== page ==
The State Street SPDR S&P 500 Trust ETF (SPY) is the largest ETF and is a core holding of many portfolios, while the Schwab US Dividend Equity ETF (SCHD) is a popular dividend-oriented ETF. In this case, SCHD targets stocks that meet certain dividend-related requirements (as they are defined by the index provider). Even though SPY and SCHD play different roles in a portfolio, many investors compare the two funds in order to determine whether they should tilt their portfolio towards a dividends or the value factor.
A quick reminder that this site does NOT provide investment recommendations. Fund comparisons (such as this one) are not conducted to identify the “best” fund (since that will vary from investor to investor based on investor-specific factors). Rather, these fund comparison posts are designed to identify and distinguish between the fund details that matter versus the ones that don’t.
The Short Answer
SCHD only owns stocks that meet the Dow Jones U.S. Dividend 100™ Index’s requirements, which has the effect of tilting the portfolio towards the value factor. SPY owns a more diverse portfolio including growth stocks. Historical performance of SCHD vs SPY has been similar, but will depend on how the value and growth factors perform moving forward.
The Long Answer
Historical Performance: SCHD vs SPY
Since the common inception date in 2011, performance has been relatively similar with an annualized difference of roughly .8%. This has compounded over time though and the cumulative performance differential is about 33%.
As the SCHD vs SPY chart of historical performance illustrates, SPY has outperformed over the past decade or so. However, SCHD has outperformed over several periods of time including the calendar year of 2022 when the growth factor really underperformed the value factor.
Differences Between SCHD and SPY
The primary difference between these two funds is that SCHD tracks the Dow Jones U.S. Dividend 100™ Index, while SPY tracks the broader S&P 500 index.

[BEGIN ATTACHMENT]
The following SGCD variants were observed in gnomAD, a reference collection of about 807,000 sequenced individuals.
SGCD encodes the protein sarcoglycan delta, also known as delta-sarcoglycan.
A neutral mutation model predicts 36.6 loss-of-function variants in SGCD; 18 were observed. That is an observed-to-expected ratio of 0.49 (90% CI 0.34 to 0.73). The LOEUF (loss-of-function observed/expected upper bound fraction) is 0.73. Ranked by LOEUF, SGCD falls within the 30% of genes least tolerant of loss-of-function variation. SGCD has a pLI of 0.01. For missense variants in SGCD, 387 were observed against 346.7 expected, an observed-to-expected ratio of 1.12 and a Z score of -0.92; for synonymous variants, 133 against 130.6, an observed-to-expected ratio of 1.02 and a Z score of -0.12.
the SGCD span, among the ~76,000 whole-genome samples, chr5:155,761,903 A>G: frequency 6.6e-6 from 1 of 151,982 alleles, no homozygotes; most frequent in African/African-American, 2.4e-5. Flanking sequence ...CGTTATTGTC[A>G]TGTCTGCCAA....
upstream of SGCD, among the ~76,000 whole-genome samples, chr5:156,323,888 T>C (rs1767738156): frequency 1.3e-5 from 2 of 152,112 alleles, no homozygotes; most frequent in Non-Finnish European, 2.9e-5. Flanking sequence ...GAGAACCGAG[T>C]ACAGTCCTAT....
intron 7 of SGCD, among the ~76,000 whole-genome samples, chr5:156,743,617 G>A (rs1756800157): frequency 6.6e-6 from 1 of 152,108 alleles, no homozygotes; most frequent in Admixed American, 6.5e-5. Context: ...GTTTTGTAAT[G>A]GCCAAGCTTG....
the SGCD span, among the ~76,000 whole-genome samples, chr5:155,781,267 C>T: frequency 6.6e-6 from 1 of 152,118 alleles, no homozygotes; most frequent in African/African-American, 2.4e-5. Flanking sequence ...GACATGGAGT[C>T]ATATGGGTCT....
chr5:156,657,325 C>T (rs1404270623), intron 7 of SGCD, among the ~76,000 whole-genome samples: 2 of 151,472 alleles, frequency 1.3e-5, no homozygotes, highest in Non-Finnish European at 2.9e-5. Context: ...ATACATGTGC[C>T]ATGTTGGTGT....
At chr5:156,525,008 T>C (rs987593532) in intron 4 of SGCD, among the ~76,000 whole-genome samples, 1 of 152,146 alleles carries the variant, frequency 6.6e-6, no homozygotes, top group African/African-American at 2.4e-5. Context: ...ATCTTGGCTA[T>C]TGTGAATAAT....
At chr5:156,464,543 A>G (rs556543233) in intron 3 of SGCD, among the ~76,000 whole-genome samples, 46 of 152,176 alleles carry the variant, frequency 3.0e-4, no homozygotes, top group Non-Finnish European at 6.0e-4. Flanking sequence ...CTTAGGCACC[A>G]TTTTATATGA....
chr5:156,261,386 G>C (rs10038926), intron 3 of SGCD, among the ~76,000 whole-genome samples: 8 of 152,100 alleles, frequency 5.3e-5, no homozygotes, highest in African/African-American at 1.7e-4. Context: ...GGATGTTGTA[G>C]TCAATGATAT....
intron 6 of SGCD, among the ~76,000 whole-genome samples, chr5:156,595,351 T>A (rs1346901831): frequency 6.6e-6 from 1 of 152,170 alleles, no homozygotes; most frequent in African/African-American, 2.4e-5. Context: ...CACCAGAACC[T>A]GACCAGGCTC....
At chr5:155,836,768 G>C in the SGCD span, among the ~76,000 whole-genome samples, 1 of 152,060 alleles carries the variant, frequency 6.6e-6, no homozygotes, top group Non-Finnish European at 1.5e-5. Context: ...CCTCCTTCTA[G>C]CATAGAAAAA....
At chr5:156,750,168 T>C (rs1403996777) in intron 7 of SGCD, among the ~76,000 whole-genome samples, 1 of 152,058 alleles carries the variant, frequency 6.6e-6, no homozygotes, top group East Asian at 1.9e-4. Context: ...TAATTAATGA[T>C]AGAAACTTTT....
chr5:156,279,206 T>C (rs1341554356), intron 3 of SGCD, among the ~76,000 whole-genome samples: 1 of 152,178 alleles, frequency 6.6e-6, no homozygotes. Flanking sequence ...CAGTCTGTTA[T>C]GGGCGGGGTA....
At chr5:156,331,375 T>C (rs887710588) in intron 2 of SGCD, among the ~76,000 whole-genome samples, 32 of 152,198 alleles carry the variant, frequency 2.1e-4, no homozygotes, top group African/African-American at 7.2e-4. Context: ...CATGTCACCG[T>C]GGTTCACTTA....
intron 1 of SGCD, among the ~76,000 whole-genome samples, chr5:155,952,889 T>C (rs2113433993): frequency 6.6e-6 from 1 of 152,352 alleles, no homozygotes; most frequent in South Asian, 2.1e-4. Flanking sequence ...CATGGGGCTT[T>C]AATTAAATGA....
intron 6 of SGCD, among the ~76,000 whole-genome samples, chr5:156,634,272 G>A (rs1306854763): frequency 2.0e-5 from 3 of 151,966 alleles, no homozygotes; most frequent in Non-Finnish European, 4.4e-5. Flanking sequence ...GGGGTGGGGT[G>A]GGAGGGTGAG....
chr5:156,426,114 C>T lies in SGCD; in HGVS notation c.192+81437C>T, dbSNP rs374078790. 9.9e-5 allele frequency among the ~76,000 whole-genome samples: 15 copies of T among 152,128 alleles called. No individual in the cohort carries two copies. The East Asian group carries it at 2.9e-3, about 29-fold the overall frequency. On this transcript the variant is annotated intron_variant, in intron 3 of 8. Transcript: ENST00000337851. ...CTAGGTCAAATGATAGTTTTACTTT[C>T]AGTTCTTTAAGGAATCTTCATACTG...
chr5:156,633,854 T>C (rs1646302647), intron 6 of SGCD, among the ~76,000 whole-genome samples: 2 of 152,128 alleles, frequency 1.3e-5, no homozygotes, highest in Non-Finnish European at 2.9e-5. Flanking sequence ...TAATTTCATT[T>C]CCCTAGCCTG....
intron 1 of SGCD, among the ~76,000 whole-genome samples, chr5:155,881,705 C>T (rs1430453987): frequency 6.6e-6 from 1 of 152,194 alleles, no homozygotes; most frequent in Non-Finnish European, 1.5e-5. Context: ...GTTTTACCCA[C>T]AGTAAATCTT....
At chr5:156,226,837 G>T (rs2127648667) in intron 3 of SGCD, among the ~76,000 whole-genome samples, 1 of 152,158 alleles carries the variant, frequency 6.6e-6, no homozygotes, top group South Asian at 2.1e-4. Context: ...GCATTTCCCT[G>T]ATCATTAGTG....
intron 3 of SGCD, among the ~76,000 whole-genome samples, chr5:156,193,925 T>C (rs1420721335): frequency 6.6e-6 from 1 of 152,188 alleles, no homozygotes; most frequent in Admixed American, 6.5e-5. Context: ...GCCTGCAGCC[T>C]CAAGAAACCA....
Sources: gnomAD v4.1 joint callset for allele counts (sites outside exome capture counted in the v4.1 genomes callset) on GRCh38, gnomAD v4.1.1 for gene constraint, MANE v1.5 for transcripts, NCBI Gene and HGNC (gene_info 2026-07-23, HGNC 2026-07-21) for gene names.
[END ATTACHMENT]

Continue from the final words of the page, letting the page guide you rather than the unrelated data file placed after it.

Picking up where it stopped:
Both SCHD and SPY hold essentially 100% US stocks, so I will not dig into country exposures or market classification here. For all intents and purposes, the two funds have identical country exposures.
Market Cap Exposure
Overall, the market cap exposures of SCHD and SPY are relatively similar.
There are some significant differences in sector weights, which makes sense based on the fact that SCHD is targeting high dividends and some sectors meet this criteria more easily.
SCHD’s expense ratio is .06%, while SPY’s expense ratio is .095%. Yes, SPY is 50%+ more expensive than SCHD, but we’re talking about 3.5 basis points! This in an non-issue in my opinion.
ETFs are free to trade at many brokers and custodians, so both SCHD and SPY should be free to trade in most cases. Additionally, these funds are among the largest ETFs and are very liquid. The bid-ask spread of both SCHD and SPY is very low, so individual investor trades will not generally be large enough to “move” the market.
Tax Efficiency & Capital Gain Distributions
ETFs are typically more tax-efficient than mutual funds, due to their ability to avoid realizing capital gains through like-kind redemptions (a process that is beyond the scope of this post). Neither SCHD nor SPY makes capital gains distribution (nor do I expect them to moving forward). Thus, these funds are about as tax-efficient as any fund can be and either fund is appropriate in taxable accounts, although the dividends do create a very slight tax drag.
Final Thoughts: SCHD vs SPY
Both funds are great ETFs that do what they are designed to do. I would not personally use dividend ETFs as the core of a portfolio, but that is a personal opinion and not necessarily the consensus. For a core position, I would personally choose SPY every time. However, investors looking for a satellite position in order to tilt their portfolio towards value could do a lot worse than using SCHD. At the end of the day, these two funds are not necessarily comparable because they play slightly different roles in a portfolio.